“The significant improvements observed in the NEPA vs aprepitant group might be attributed to the higher potency of NEPA, as well as the different antiemetics used on days 2 and 3,” Yeo postulated. “With reference to previous NEPA and aprepitant studies, it appears that the current findings support the importance of continuing dexamethasone to achieve better CINV control during the delayed and overall phases.” [J Clin Oncol 2005;23:2822-2830; Breast Cancer Res Treat 2009;113:529-535; Ann Oncol 2014;25:1328-1333] NEPA plus dexamethasone is also recommended for CINV prevention among patients receiving HEC or MEC regimens by the latest NCCN guidelines. [NCCN Clinical Practice Guidelines in Oncology, Antiemesis Version 2.2020]
Significantly better nausea control with NEPA
In addition to higher complete protection and total control rates, nausea control was significantly better during cycle 1 of AC chemotherapy in the NEPA vs aprepitant group in the delayed (no nausea, 76.2 percent vs 47.3 percent; p=0.008) and overall phases (no nausea, 53.3 percent vs 30.6 percent; p=0.011). (Figure 1)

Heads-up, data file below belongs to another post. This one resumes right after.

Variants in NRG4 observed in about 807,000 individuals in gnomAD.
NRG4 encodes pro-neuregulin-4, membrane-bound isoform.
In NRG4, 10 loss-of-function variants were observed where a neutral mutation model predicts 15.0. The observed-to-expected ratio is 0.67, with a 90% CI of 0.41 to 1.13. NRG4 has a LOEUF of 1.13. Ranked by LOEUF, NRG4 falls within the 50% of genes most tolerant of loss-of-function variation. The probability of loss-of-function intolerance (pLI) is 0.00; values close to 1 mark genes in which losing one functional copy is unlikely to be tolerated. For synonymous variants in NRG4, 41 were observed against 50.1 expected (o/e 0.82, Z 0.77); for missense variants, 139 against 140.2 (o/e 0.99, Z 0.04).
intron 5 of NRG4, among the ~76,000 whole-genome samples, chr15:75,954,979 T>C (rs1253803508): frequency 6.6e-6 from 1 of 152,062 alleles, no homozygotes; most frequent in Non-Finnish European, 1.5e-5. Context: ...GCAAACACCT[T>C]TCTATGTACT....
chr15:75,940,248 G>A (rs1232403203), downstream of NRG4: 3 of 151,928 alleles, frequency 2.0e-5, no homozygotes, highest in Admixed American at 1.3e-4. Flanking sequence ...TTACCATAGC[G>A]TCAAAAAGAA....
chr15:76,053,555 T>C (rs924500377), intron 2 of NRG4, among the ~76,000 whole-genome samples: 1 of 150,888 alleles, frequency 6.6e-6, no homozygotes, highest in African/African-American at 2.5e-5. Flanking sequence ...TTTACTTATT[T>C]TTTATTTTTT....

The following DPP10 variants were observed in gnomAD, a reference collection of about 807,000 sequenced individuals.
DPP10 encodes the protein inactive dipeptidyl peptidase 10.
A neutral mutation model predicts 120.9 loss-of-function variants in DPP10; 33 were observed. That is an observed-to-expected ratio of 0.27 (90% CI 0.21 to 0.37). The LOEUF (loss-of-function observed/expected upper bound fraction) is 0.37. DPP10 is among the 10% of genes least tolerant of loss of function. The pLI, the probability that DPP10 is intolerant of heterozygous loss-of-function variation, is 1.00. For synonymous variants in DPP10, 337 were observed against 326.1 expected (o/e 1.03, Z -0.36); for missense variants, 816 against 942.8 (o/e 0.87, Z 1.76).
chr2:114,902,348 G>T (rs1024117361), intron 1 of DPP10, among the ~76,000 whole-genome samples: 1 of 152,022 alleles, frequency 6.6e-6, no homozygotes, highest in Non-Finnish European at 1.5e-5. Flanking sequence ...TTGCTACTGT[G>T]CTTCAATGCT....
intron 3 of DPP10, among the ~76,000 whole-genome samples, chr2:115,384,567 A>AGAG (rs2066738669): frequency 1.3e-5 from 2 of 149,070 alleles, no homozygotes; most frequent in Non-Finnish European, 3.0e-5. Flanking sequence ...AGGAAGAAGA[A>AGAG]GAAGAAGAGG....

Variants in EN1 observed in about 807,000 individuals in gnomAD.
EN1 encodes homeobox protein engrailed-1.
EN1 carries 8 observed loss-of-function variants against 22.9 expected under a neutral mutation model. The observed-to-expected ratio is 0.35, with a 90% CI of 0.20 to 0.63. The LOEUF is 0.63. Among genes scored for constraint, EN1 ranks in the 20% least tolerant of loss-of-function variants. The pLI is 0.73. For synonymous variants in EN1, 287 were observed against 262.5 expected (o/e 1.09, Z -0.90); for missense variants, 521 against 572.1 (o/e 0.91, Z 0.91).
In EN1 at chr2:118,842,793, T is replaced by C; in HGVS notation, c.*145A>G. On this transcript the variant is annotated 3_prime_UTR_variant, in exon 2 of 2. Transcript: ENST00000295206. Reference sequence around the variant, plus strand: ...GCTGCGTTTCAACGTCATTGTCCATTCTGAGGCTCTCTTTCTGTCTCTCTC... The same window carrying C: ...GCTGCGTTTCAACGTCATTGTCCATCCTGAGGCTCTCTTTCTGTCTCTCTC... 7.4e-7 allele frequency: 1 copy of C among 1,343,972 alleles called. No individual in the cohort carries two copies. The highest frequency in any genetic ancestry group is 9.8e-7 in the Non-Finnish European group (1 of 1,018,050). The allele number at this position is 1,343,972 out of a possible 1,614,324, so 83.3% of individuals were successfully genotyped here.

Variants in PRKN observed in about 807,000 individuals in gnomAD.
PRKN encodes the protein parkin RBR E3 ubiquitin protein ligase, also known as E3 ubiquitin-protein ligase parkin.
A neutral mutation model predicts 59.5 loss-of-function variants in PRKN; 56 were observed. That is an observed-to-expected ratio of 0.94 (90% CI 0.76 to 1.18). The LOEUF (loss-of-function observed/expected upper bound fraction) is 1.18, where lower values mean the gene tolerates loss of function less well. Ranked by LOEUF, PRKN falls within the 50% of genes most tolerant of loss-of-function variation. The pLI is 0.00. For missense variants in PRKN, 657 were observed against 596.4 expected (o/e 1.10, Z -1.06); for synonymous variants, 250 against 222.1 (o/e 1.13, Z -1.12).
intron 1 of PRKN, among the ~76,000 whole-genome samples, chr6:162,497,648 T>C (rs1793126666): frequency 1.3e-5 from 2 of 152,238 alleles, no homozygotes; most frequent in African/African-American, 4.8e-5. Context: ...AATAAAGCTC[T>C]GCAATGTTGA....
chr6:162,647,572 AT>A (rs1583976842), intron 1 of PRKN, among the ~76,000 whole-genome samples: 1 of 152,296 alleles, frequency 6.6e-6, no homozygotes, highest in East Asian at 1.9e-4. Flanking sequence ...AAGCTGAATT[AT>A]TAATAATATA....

The benefits of CINV control with NEPA were accompanied by improvements in patients’ QoL. The nausea domain (mean score for NEPA vs APR groups: 17.55 vs 27.44, respectively; p=0.0015) and total score (mean score for NEPA vs APR groups: 12.14 vs 15.50, respectively; p=0.0020) among patients in the NEPA group on day 6 of AC chemotherapy were significantly improved vs aprepitant.
“Optimizing CINV control requires agents that target the serotonin- and substance P-mediated pathways,” concluded Yeo. “Effective antiemetic drugs, including 5-HT3 RAs and NK1 RAs in conjunction with corticosteroids, have become the cornerstone for CINV management.”
“Despite our study’s positive findings concerning the efficacy of NEPA vs aprepitant, a substantial proportion of patients continued to experience CINV symptoms, with nearly 40 percent reporting episodes of vomiting, and 22–47 percent reporting episodes of nausea. This highlights the importance of continuous improvement in CINV management,” she added.
“Additional agents such as olanzapine may enhance the antiemetic efficacy of the current regimen, which has been recommended by major international guidelines,” she continued. [Ann Oncol 2016;27(Suppl 5):v119-v133; J Clin Oncol 2017;28:3240-3261; NCCN Clinical Practice Guidelines in Oncology, Antiemesis Version 1.2019] “Further research is required to optimize CINV control and alleviate the potential sequelae associated with CINV.”